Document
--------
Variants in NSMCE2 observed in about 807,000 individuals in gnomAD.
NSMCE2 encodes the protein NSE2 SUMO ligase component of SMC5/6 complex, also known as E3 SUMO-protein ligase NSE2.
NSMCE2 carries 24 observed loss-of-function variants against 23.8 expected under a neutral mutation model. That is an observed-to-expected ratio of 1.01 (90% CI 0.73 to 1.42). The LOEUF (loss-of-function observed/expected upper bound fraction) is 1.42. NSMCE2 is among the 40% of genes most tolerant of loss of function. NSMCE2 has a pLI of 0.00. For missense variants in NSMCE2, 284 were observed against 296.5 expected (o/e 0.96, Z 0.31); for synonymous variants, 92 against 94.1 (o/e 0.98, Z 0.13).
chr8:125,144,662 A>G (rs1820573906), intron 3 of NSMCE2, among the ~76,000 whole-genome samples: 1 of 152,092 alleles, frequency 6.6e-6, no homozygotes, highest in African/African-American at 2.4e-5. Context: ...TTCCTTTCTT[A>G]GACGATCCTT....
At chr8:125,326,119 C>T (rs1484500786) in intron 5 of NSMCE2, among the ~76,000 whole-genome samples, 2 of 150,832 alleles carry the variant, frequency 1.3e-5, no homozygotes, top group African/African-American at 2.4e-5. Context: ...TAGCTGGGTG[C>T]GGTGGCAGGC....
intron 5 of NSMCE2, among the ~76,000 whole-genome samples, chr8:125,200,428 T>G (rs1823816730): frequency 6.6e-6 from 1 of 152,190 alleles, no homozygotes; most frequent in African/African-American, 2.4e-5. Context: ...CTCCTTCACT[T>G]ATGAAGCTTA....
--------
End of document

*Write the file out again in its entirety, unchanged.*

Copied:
Variants in NSMCE2 observed in about 807,000 individuals in gnomAD.
NSMCE2 encodes the protein NSE2 SUMO ligase component of SMC5/6 complex, also known as E3 SUMO-protein ligase NSE2.
NSMCE2 carries 24 observed loss-of-function variants against 23.8 expected under a neutral mutation model. That is an observed-to-expected ratio of 1.01 (90% CI 0.73 to 1.42). The LOEUF (loss-of-function observed/expected upper bound fraction) is 1.42. NSMCE2 is among the 40% of genes most tolerant of loss of function. NSMCE2 has a pLI of 0.00. For missense variants in NSMCE2, 284 were observed against 296.5 expected (o/e 0.96, Z 0.31); for synonymous variants, 92 against 94.1 (o/e 0.98, Z 0.13).
chr8:125,144,662 A>G (rs1820573906), intron 3 of NSMCE2, among the ~76,000 whole-genome samples: 1 of 152,092 alleles, frequency 6.6e-6, no homozygotes, highest in African/African-American at 2.4e-5. Context: ...TTCCTTTCTT[A>G]GACGATCCTT....
At chr8:125,326,119 C>T (rs1484500786) in intron 5 of NSMCE2, among the ~76,000 whole-genome samples, 2 of 150,832 alleles carry the variant, frequency 1.3e-5, no homozygotes, top group African/African-American at 2.4e-5. Context: ...TAGCTGGGTG[C>T]GGTGGCAGGC....
intron 5 of NSMCE2, among the ~76,000 whole-genome samples, chr8:125,200,428 T>G (rs1823816730): frequency 6.6e-6 from 1 of 152,190 alleles, no homozygotes; most frequent in African/African-American, 2.4e-5. Context: ...CTCCTTCACT[T>G]ATGAAGCTTA....